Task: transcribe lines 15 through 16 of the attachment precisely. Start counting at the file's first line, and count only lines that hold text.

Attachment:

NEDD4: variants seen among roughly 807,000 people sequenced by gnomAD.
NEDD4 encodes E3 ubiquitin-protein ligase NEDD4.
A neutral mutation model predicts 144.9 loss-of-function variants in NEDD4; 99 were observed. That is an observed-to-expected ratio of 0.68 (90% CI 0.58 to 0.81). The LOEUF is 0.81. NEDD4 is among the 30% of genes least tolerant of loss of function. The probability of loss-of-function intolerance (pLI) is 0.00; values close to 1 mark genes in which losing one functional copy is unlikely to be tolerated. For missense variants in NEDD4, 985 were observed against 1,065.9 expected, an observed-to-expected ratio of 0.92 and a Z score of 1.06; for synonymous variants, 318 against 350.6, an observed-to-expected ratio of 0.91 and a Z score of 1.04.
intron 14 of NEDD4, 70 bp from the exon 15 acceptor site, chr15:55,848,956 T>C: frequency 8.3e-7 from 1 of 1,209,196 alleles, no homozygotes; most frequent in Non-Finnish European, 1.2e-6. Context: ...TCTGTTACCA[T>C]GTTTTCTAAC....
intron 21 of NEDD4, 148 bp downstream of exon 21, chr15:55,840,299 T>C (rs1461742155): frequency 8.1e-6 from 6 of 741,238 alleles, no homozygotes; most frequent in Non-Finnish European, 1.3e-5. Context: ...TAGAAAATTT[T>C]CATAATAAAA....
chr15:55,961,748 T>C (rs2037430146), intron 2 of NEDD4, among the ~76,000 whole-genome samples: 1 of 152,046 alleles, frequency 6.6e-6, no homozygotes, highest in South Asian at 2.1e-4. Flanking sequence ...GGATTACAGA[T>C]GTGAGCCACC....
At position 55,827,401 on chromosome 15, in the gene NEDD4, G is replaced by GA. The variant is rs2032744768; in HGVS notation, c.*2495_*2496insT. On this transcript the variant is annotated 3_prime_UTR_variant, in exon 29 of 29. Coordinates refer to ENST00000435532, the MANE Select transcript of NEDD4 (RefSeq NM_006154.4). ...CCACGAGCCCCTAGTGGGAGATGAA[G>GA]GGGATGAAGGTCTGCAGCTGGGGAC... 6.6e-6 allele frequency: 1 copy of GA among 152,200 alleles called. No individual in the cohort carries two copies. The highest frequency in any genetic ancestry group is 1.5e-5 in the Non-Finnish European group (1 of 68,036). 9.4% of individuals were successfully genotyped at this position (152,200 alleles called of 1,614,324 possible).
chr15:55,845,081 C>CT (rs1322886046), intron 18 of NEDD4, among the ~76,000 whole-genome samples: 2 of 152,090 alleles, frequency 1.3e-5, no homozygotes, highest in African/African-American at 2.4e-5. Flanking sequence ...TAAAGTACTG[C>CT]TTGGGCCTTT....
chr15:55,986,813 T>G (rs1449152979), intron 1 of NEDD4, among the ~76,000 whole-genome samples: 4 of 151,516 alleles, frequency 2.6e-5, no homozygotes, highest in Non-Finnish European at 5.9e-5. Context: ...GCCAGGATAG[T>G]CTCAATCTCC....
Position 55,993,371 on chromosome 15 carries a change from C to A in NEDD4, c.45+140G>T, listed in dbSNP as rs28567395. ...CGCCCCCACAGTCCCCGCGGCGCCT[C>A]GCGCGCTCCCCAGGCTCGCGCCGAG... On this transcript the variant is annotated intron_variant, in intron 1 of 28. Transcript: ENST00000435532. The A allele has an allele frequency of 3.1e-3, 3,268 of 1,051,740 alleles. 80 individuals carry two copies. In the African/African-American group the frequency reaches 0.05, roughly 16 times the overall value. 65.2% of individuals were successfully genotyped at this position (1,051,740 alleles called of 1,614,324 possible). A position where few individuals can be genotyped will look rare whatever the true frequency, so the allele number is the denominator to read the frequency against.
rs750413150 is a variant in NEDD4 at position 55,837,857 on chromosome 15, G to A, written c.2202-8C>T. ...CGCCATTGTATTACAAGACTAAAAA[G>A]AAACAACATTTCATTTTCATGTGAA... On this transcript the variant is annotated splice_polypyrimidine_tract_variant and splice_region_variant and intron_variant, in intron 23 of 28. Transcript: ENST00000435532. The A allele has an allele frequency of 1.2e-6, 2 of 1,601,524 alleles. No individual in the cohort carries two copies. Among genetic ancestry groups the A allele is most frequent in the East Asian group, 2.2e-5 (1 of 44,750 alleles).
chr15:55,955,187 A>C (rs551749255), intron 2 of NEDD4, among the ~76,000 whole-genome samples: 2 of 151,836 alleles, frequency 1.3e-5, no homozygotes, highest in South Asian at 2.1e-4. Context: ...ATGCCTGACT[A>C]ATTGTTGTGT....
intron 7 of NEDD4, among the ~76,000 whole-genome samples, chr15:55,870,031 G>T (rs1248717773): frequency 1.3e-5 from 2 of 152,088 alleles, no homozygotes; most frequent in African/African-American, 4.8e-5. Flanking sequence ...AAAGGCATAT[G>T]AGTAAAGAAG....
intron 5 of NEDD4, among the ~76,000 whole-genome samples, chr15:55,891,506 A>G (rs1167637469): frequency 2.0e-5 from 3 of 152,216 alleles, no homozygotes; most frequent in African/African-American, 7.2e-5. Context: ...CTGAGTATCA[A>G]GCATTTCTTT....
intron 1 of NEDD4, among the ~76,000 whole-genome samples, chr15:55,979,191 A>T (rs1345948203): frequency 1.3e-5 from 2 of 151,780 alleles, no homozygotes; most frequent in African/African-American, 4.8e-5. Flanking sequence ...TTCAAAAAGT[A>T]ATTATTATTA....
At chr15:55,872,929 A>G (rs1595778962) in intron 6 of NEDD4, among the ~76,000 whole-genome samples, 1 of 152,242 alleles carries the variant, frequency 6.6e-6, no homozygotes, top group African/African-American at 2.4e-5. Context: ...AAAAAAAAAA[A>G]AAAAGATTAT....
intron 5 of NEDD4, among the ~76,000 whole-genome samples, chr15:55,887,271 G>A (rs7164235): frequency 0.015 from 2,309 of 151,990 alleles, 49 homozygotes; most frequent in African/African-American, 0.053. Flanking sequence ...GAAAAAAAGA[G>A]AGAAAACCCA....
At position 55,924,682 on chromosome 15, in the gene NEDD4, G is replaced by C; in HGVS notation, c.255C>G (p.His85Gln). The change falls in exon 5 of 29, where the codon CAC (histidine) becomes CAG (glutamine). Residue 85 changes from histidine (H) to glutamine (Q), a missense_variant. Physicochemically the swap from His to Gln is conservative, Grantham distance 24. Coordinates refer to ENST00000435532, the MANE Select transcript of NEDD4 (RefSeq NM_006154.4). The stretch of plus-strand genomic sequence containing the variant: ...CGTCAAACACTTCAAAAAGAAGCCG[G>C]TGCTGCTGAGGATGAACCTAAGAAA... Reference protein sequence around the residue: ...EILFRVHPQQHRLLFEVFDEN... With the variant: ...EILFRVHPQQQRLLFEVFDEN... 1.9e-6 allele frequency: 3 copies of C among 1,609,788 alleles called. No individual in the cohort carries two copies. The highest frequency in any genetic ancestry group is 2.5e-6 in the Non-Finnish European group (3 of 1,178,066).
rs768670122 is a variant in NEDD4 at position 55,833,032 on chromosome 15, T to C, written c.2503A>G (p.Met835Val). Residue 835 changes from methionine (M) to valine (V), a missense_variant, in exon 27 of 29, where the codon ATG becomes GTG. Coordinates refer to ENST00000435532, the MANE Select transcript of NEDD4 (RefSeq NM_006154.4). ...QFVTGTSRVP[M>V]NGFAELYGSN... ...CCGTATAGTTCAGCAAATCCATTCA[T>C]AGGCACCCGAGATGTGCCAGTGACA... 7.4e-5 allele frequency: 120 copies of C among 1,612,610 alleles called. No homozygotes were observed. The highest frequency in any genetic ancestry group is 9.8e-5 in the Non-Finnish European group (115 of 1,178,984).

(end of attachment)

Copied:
intron 1 of NEDD4, among the ~76,000 whole-genome samples, chr15:55,979,191 A>T (rs1345948203): frequency 1.3e-5 from 2 of 151,780 alleles, no homozygotes; most frequent in African/African-American, 4.8e-5. Flanking sequence ...TTCAAAAAGT[A>T]ATTATTATTA....
At chr15:55,872,929 A>G (rs1595778962) in intron 6 of NEDD4, among the ~76,000 whole-genome samples, 1 of 152,242 alleles carries the variant, frequency 6.6e-6, no homozygotes, top group African/African-American at 2.4e-5. Context: ...AAAAAAAAAA[A>G]AAAAGATTAT....